His better-known elders haven’t covered themselves with glory at the French Open, but 17-year-old Alexei Popyrin has raised the flag on high after becoming Australia’s first French Open junior champion in 49 years.
The third seed downed Spain’s Nicola Kuhn 7-6 (7-5) 6-3 on Saturday to become Australia’s first boys’ champion in Paris since Phil Dent in 1968, the first year of the professional era.
The Sydney-born teenager was overjoyed after joining legends Roy Emerson, Ken Rosewall and John Newcombe as only the fifth Australian to have his name added to the honour roll in the event’s 70-year history.
“There is a lot of good names. I’m happy to be part of it. It feels amazing,” Popyrin said.
“Winning any tournament feels great, but especially when you win a Grand Slam, you feel over the moon.
“It’s what you have been working for. It’s what you have been striving for. It’s just great to get that step done.
“Now we have to move on to the pros and try to do the same in the next level.”
The 17-year-old, who stands 195cm and models his game on Juan Martin del Potro, said his junior career was likely finished, despite the temptation of Wimbledon being just around the corner.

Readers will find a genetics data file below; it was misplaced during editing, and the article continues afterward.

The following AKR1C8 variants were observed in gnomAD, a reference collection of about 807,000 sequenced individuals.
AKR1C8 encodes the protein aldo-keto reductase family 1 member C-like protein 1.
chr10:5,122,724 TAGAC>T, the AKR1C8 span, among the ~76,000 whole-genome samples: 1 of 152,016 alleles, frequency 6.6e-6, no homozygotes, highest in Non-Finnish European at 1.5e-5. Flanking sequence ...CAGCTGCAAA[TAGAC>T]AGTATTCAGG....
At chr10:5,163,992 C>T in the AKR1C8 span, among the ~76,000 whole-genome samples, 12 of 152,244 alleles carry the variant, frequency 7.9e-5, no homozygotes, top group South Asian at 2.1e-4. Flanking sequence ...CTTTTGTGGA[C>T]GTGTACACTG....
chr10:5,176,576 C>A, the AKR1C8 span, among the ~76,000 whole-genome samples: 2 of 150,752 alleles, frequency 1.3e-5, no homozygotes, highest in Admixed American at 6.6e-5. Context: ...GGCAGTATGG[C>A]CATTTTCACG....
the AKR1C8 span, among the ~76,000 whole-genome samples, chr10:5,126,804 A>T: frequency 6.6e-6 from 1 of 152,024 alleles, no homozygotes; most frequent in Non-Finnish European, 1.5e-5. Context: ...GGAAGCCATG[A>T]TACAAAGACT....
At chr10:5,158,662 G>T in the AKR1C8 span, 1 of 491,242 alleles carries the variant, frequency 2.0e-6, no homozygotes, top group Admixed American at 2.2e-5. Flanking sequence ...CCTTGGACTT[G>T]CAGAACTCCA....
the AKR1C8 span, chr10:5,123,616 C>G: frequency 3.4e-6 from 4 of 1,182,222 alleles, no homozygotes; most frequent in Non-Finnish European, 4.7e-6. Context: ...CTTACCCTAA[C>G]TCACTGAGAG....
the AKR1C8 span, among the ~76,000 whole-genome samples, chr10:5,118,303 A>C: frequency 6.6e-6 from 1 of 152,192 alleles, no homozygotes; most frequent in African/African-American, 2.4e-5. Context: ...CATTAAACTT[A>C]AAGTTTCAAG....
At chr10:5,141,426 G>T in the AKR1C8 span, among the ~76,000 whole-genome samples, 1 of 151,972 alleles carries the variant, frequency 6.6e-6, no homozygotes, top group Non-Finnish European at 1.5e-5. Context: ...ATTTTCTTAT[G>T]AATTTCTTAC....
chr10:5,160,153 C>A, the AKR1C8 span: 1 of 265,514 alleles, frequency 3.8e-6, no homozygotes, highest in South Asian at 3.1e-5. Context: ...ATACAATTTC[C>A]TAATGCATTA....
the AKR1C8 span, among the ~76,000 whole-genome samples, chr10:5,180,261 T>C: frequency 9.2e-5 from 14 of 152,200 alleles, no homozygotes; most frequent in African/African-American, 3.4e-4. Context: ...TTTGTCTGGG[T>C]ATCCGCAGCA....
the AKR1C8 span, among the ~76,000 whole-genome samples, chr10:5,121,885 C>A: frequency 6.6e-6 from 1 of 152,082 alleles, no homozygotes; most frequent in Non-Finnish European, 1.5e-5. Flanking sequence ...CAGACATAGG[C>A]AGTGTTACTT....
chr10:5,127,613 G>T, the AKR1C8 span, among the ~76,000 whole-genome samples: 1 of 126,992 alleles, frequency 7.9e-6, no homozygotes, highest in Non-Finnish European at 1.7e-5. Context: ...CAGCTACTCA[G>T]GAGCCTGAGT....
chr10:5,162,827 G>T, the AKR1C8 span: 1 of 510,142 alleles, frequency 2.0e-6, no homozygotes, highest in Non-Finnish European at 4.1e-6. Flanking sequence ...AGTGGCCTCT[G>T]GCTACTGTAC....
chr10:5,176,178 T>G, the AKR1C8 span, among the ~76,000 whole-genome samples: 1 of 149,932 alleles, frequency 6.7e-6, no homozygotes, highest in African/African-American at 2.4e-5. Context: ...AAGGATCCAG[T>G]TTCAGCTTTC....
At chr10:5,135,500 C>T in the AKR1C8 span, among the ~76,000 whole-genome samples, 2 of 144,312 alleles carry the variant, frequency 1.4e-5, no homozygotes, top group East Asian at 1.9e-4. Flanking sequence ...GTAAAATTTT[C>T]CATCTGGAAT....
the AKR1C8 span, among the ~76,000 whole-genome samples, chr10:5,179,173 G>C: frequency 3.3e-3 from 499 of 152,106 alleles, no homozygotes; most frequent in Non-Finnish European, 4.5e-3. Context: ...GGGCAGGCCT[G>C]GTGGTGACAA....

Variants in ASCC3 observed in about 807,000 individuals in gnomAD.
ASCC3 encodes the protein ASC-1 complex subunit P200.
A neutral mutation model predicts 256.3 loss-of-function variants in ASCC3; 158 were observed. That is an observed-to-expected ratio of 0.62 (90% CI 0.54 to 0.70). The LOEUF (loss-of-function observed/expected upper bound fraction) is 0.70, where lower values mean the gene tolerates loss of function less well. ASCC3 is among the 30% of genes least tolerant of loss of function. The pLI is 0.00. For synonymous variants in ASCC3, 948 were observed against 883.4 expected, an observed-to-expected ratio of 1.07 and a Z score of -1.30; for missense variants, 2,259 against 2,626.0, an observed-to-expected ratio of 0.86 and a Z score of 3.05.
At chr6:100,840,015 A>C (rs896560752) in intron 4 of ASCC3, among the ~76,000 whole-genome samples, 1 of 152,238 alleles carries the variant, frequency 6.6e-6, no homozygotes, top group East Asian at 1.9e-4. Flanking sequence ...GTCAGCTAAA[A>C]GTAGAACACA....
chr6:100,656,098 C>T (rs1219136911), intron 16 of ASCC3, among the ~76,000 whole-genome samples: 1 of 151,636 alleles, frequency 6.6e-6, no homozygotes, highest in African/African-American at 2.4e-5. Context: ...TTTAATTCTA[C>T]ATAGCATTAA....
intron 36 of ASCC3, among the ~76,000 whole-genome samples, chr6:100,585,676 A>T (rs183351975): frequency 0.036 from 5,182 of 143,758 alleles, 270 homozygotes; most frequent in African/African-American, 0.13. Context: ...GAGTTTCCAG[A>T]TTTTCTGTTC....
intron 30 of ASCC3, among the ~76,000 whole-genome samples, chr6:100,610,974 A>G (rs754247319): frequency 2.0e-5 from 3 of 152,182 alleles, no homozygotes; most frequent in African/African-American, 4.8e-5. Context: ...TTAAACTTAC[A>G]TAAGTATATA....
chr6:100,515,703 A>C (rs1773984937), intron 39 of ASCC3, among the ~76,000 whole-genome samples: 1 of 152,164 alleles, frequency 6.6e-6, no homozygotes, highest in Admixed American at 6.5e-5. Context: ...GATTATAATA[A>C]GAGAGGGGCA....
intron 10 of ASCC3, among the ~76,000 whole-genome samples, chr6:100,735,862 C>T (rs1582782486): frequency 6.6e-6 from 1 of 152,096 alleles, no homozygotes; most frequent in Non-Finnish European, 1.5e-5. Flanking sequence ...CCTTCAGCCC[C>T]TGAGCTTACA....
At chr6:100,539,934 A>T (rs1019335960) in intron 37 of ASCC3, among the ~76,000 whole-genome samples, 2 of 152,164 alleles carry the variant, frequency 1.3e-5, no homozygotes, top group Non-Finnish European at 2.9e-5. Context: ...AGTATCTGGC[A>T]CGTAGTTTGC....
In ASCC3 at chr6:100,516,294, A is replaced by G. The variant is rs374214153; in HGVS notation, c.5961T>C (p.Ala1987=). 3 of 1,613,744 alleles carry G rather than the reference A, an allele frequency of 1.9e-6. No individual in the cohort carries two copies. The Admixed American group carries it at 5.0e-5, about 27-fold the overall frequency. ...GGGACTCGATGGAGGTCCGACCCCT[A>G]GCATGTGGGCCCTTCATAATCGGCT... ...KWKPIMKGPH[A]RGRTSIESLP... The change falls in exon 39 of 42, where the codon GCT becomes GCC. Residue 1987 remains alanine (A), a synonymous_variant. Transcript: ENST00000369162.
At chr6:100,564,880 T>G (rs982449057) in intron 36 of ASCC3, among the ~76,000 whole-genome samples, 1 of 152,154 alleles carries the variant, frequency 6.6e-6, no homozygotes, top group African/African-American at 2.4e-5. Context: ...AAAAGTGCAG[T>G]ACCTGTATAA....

“For now I can only get into Futures (events). We better go in that future grind,” Popyrin said when asked what’s next.
While Emerson, Rosewall and Newcombe went on to amass 27 Grand Slam singles titles between them, Dent’s greatest claim to fame – apart from being the only player to ever beat six-time French Open champion Bjorn Borg at the Australian Open – was helping Australia win the 1977 Davis Cup.
Now Popyrin has similar aspirations.
“I would love to play in Davis Cup, love to be an orange boy at least, maybe, this year or maybe next year,” he said.
“Yeah, for sure winning Davis Cup for my country is one of the main goals also.”
Revealing that he and Thanasi Kokkinakis “go way back”, Popyrin has already had a taste of the unique team experience.
“I went to the Davis Cup in Glasgow a couple years ago for the Junior Davis Cup also and we met some of the pros there, like Sam Groth, [Bernard] Tomic, Thanasi were there, and Lleyton Hewitt was there,” he said.
Skipper Hewitt is now every chance of taking the young claycourt talent to Europe in September for “orange boy duties” when Australia plays Belgium in the 2017 World Group semi-finals.